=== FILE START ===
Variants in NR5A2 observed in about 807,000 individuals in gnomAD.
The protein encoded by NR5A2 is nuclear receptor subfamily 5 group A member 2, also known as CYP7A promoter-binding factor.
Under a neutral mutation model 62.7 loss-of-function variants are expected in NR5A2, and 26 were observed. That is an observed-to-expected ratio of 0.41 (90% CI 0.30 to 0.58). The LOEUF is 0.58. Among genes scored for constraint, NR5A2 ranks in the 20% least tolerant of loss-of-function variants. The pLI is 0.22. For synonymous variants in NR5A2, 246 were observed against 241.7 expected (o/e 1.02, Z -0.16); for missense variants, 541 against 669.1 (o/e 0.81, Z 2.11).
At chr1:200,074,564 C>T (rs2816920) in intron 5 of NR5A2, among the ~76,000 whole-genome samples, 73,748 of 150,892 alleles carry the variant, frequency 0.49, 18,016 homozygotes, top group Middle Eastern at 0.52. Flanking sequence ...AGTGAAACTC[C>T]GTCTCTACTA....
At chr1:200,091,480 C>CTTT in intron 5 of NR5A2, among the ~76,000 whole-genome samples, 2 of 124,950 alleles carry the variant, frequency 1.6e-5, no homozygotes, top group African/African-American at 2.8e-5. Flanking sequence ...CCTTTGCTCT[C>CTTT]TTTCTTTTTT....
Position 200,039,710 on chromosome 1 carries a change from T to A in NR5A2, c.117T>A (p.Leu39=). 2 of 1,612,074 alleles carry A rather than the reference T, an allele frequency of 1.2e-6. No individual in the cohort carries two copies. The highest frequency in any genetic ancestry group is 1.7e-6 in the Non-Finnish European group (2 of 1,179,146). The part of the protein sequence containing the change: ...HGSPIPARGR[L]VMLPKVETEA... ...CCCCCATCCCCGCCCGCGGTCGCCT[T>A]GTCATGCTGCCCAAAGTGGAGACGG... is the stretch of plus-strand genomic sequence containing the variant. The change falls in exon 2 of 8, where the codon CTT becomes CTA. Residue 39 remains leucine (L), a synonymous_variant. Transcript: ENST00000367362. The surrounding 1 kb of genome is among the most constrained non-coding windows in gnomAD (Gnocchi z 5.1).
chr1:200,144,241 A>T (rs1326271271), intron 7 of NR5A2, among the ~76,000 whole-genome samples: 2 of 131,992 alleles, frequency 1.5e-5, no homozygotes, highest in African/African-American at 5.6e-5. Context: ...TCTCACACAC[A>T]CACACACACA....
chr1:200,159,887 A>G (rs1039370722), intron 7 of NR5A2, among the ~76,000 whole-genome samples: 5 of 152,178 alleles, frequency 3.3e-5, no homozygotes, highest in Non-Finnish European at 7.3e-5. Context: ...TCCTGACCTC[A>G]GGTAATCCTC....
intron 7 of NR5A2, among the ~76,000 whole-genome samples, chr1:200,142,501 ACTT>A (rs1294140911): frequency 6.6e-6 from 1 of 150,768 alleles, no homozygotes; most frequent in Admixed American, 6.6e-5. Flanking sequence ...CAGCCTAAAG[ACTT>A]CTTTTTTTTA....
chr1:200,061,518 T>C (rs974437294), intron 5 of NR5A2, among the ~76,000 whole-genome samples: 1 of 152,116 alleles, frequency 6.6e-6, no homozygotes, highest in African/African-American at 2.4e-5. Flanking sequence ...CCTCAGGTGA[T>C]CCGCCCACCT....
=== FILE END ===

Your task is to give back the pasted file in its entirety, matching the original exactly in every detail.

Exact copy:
Variants in NR5A2 observed in about 807,000 individuals in gnomAD.
The protein encoded by NR5A2 is nuclear receptor subfamily 5 group A member 2, also known as CYP7A promoter-binding factor.
Under a neutral mutation model 62.7 loss-of-function variants are expected in NR5A2, and 26 were observed. That is an observed-to-expected ratio of 0.41 (90% CI 0.30 to 0.58). The LOEUF is 0.58. Among genes scored for constraint, NR5A2 ranks in the 20% least tolerant of loss-of-function variants. The pLI is 0.22. For synonymous variants in NR5A2, 246 were observed against 241.7 expected (o/e 1.02, Z -0.16); for missense variants, 541 against 669.1 (o/e 0.81, Z 2.11).
At chr1:200,074,564 C>T (rs2816920) in intron 5 of NR5A2, among the ~76,000 whole-genome samples, 73,748 of 150,892 alleles carry the variant, frequency 0.49, 18,016 homozygotes, top group Middle Eastern at 0.52. Flanking sequence ...AGTGAAACTC[C>T]GTCTCTACTA....
At chr1:200,091,480 C>CTTT in intron 5 of NR5A2, among the ~76,000 whole-genome samples, 2 of 124,950 alleles carry the variant, frequency 1.6e-5, no homozygotes, top group African/African-American at 2.8e-5. Flanking sequence ...CCTTTGCTCT[C>CTTT]TTTCTTTTTT....
Position 200,039,710 on chromosome 1 carries a change from T to A in NR5A2, c.117T>A (p.Leu39=). 2 of 1,612,074 alleles carry A rather than the reference T, an allele frequency of 1.2e-6. No individual in the cohort carries two copies. The highest frequency in any genetic ancestry group is 1.7e-6 in the Non-Finnish European group (2 of 1,179,146). The part of the protein sequence containing the change: ...HGSPIPARGR[L]VMLPKVETEA... ...CCCCCATCCCCGCCCGCGGTCGCCT[T>A]GTCATGCTGCCCAAAGTGGAGACGG... is the stretch of plus-strand genomic sequence containing the variant. The change falls in exon 2 of 8, where the codon CTT becomes CTA. Residue 39 remains leucine (L), a synonymous_variant. Transcript: ENST00000367362. The surrounding 1 kb of genome is among the most constrained non-coding windows in gnomAD (Gnocchi z 5.1).
chr1:200,144,241 A>T (rs1326271271), intron 7 of NR5A2, among the ~76,000 whole-genome samples: 2 of 131,992 alleles, frequency 1.5e-5, no homozygotes, highest in African/African-American at 5.6e-5. Context: ...TCTCACACAC[A>T]CACACACACA....
chr1:200,159,887 A>G (rs1039370722), intron 7 of NR5A2, among the ~76,000 whole-genome samples: 5 of 152,178 alleles, frequency 3.3e-5, no homozygotes, highest in Non-Finnish European at 7.3e-5. Context: ...TCCTGACCTC[A>G]GGTAATCCTC....
intron 7 of NR5A2, among the ~76,000 whole-genome samples, chr1:200,142,501 ACTT>A (rs1294140911): frequency 6.6e-6 from 1 of 150,768 alleles, no homozygotes; most frequent in Admixed American, 6.6e-5. Flanking sequence ...CAGCCTAAAG[ACTT>A]CTTTTTTTTA....
chr1:200,061,518 T>C (rs974437294), intron 5 of NR5A2, among the ~76,000 whole-genome samples: 1 of 152,116 alleles, frequency 6.6e-6, no homozygotes, highest in African/African-American at 2.4e-5. Flanking sequence ...CCTCAGGTGA[T>C]CCGCCCACCT....